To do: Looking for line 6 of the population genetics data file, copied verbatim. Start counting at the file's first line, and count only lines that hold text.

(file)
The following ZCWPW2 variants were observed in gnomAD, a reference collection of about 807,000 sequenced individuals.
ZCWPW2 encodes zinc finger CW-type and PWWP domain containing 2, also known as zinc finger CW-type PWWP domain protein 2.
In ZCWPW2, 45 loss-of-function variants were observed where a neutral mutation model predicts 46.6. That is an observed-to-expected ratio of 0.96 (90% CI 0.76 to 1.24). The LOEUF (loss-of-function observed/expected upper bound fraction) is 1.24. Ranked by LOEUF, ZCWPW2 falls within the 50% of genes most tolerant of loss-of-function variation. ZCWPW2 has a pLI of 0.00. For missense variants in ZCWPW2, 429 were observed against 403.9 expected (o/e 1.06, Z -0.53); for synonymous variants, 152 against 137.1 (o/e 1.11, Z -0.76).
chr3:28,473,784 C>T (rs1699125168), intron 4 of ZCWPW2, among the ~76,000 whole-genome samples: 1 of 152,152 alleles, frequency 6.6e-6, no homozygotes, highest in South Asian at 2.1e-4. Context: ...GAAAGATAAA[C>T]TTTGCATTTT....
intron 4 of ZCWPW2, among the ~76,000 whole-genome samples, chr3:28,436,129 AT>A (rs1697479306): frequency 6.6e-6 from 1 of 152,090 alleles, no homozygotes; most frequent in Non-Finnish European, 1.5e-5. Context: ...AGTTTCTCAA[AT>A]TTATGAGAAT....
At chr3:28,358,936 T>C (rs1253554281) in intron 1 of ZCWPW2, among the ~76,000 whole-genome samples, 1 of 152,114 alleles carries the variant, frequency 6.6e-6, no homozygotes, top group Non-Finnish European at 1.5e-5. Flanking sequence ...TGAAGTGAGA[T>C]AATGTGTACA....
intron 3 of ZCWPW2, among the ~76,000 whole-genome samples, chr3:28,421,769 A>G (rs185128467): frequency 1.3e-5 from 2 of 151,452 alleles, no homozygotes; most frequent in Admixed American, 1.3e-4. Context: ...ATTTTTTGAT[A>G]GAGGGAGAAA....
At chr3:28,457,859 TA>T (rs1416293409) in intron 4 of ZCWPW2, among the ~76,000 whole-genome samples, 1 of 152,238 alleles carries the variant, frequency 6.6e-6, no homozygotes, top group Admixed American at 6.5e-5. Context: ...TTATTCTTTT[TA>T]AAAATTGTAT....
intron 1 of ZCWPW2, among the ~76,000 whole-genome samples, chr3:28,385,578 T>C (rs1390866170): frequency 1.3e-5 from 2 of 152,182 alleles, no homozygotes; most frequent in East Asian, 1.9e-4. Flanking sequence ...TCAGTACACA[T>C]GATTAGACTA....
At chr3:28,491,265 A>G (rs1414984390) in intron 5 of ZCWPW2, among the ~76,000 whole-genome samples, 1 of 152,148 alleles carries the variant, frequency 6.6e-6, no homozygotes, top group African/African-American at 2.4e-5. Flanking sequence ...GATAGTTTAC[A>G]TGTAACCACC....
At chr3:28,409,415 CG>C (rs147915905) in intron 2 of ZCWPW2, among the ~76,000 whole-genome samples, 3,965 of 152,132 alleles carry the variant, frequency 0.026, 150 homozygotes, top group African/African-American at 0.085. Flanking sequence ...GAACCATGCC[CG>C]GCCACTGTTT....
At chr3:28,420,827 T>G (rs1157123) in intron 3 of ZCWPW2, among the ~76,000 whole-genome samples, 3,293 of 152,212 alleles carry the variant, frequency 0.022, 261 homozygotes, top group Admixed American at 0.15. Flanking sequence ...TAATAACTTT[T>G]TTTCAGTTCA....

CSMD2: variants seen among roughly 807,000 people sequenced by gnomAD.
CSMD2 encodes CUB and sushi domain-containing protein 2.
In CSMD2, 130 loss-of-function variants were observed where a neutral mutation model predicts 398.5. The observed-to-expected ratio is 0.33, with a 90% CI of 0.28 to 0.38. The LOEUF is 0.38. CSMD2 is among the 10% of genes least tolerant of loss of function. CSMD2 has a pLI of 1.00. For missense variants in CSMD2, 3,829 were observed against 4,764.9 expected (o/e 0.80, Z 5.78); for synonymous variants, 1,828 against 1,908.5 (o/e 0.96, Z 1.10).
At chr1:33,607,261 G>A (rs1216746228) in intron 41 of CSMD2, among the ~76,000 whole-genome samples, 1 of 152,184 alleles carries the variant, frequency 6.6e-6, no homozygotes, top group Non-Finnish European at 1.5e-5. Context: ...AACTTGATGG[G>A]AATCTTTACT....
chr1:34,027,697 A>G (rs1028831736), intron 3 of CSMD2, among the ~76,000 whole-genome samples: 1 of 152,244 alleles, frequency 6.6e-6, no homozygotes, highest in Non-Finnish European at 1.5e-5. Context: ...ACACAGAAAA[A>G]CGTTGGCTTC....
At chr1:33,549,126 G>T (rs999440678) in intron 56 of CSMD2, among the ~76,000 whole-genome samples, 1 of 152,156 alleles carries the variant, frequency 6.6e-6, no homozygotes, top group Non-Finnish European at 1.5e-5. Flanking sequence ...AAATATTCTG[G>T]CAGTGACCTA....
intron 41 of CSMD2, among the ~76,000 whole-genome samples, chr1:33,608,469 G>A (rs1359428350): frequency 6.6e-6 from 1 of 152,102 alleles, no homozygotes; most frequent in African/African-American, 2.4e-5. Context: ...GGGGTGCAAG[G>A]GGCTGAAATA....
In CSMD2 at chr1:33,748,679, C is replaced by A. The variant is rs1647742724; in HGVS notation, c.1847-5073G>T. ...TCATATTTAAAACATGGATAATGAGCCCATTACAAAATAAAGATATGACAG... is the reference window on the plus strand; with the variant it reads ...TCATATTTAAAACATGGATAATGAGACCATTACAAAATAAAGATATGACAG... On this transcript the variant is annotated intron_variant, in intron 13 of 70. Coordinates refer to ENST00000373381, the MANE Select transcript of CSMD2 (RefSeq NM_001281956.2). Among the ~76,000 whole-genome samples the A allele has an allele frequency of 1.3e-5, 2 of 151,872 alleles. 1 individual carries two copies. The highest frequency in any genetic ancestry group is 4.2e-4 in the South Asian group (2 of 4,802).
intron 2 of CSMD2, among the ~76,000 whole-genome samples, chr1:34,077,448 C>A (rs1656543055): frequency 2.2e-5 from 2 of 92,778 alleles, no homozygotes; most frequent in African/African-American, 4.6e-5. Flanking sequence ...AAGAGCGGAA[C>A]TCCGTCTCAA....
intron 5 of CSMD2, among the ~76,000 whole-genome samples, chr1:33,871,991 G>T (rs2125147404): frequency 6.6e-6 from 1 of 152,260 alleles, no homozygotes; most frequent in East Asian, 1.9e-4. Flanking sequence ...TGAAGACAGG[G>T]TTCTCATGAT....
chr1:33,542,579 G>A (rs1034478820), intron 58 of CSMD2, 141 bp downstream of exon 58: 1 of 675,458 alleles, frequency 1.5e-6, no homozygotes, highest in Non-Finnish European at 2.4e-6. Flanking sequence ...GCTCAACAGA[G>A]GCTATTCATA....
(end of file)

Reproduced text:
At chr3:28,358,936 T>C (rs1253554281) in intron 1 of ZCWPW2, among the ~76,000 whole-genome samples, 1 of 152,114 alleles carries the variant, frequency 6.6e-6, no homozygotes, top group Non-Finnish European at 1.5e-5. Flanking sequence ...TGAAGTGAGA[T>C]AATGTGTACA....